What is a CEMA loan, and when does it make sense to get one?


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CEMA stands for Consolidation, Extension, and Modification Agreement. It is a type of loan that is only available to New Yorkers, and is often used by homeowners looking to refinance their mortgages, and in some rare cases, by homebuyers as well. 

By far the most common are CEMA loans for mortgage refinancing, which help homeowners avoid paying full mortgage taxes on a second home loan. These loans are only available to those refinancing condos, houses, and townhouses, according to Warburg Realty's explainer on the subject. That's because there is no mortgage recording tax on co-ops, as they are considered personal property rather than real estate.  

"New York state taxes every mortgage that gets recorded [except for co-ops]," says Miguel Lopez, an attorney who works with National Cooperative Bank (FYI, a Brick sponsor) in closing loans. "If you go to pay off one and take out another, you have to pay taxes on both. When refinancing with a CEMA loan, you take the existing mortgage, consolidate it with the new one, and just pay the tax on the gap between the two."

For example, if a homeowner has a principal balance of $100,000 on her mortgage, then refinances with a new lender for a mortgage of $200,000, she will only have to pay a mortgage recording tax on the $100,000 difference rather than the full $200,000. In NYC, there is a mortgage recording tax rate of 1.8 percent for mortgages under $500,000 (and 1.925 percent for those over $500,000), so with a CEMA, a person in this situation would be paying a tax of $1,800 instead of $3,600.

"We do it every time we can," says Melissa Cohn, a New York-based mortgage broker. "The mortgage recording tax in New York is expensive, and you want to do everything you can not to pay it again." 

Note, though, that a CEMA loan comes with its own expenses. Lopez says that if you refinance with your current lender, the process is much easier because there's no need to get approval for reassigning the loan. If you switch banks, however, your first lender has to approve assigning your mortgage to the new one, and for this, the fees vary. Lopez says, "If you're moving banks, you'll have to pay the assignment fee and a legal fee, because a lawyer will prepare the documents. You have to do the math and figure out if it's worth it to incur the extra expense." 

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Cohn says banks may charge anywhere from $500 to $1,000, or a percentage of the loan amount.

"It's at the discretion of the bank, so the CEMA makes sense when the cost of doing it is significantly less than the cost of paying the mortgage recording tax," she says.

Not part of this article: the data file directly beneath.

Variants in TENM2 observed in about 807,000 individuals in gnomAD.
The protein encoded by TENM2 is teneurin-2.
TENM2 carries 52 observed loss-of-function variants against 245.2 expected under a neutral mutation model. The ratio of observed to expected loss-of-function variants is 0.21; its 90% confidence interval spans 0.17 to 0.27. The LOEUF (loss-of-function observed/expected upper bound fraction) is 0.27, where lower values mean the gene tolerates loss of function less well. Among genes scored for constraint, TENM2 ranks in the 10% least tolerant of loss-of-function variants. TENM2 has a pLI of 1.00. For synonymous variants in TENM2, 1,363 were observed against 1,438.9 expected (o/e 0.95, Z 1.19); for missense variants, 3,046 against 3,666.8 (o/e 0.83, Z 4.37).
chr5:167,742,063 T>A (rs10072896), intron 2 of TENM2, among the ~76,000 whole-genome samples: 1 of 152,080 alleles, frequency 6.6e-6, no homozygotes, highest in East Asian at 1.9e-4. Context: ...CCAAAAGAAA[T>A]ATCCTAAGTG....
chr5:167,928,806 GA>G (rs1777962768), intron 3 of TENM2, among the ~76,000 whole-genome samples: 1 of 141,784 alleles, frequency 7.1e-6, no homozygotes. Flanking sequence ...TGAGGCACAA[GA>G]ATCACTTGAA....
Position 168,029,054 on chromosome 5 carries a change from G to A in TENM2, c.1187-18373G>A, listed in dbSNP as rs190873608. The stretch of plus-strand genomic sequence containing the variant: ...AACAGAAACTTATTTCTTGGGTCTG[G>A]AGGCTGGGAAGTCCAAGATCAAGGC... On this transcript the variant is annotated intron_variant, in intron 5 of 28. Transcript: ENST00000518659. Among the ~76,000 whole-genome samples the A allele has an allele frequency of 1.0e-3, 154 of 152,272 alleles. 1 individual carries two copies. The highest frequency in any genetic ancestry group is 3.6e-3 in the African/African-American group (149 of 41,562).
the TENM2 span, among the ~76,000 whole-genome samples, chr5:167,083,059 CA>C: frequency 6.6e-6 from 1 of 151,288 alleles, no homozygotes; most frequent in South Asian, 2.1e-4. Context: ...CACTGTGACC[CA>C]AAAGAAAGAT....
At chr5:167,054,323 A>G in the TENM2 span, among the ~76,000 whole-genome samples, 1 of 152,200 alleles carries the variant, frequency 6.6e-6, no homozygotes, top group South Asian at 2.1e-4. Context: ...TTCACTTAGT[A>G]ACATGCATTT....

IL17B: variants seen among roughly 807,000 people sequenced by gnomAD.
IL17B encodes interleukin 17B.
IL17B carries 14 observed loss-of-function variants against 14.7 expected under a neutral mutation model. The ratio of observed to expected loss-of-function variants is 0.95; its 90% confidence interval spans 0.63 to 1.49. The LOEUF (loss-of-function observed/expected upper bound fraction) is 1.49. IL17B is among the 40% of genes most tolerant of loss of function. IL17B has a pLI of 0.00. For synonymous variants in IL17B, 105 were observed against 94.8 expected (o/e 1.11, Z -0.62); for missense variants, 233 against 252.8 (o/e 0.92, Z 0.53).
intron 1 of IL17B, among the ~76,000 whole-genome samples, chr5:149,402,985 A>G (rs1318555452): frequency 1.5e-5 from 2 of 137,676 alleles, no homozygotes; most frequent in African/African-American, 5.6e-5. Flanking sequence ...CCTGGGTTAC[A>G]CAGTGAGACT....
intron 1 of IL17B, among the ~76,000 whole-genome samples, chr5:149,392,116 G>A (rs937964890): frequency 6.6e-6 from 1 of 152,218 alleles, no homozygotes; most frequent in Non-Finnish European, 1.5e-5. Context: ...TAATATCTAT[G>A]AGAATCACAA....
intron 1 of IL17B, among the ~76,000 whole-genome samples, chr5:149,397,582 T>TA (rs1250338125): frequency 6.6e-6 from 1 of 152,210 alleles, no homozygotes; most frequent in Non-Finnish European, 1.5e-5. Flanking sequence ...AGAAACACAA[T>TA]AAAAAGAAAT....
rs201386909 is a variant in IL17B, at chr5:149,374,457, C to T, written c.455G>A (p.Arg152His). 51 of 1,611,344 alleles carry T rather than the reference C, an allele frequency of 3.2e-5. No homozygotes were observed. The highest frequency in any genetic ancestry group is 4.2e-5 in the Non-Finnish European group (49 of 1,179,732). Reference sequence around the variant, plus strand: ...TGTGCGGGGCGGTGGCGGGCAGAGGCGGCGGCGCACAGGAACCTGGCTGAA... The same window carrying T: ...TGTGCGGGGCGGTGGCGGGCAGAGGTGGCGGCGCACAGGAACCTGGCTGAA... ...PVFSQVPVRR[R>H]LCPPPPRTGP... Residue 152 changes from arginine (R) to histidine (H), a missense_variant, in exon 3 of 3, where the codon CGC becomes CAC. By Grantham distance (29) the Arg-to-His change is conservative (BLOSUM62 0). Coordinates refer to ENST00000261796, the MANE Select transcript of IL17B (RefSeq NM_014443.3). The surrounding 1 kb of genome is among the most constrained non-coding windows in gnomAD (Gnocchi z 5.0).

You may also run into complications if you're refinancing from one bank to another. HSBC, for instance, will not provide CEMA loans when refinancing with an outside bank, Cohn says. Another potential issue might arise if the chain of title—the sequential list of owners of a property—is broken.

"You can't ensure that the bank that holds the mortgage has retained all the copies and proper forms," she says. "Far too often we don't get them—documents get lost, and without a complete, unbroken chain, you can't do a CEMA."

The other type of CEMA, a purchase CEMA, or "splitter," involves consolidating two or more loans into one at sale. A seller who is still paying off her mortgage can transfer it to a buyer who needs to take out a mortgage. The advantage for the buyer is that he will only have to pay the mortgage recording tax on the new mortgage he is borrowing from the bank, minus the remaining loan balance he is taking on from the seller. The seller, meanwhile, saves money on her transfer taxes, paying taxes on the sales price of the home, minus her remaining mortgage debt that is being transferred to the buyer. (You can read more about purchase CEMAs here and here.) 

However, splitters are pretty unusual, Lopez says.

"It's very unlikely, because the purchaser has to not only take on the seller's current obligation, but the seller is technically still liable on that note," he says. "At some point, a bank technically could come and collect on that note. It's very rare that two banks agree to do a purchase CEMA."

Purchase CEMAs may become more common in the future if interest rates start to climb, Lopez says: "If we got to a point where there was a 12 percent rate on mortgages, and sellers had 3.75 percent rate, we could see an uprise because the difference in savings would outweigh the risk."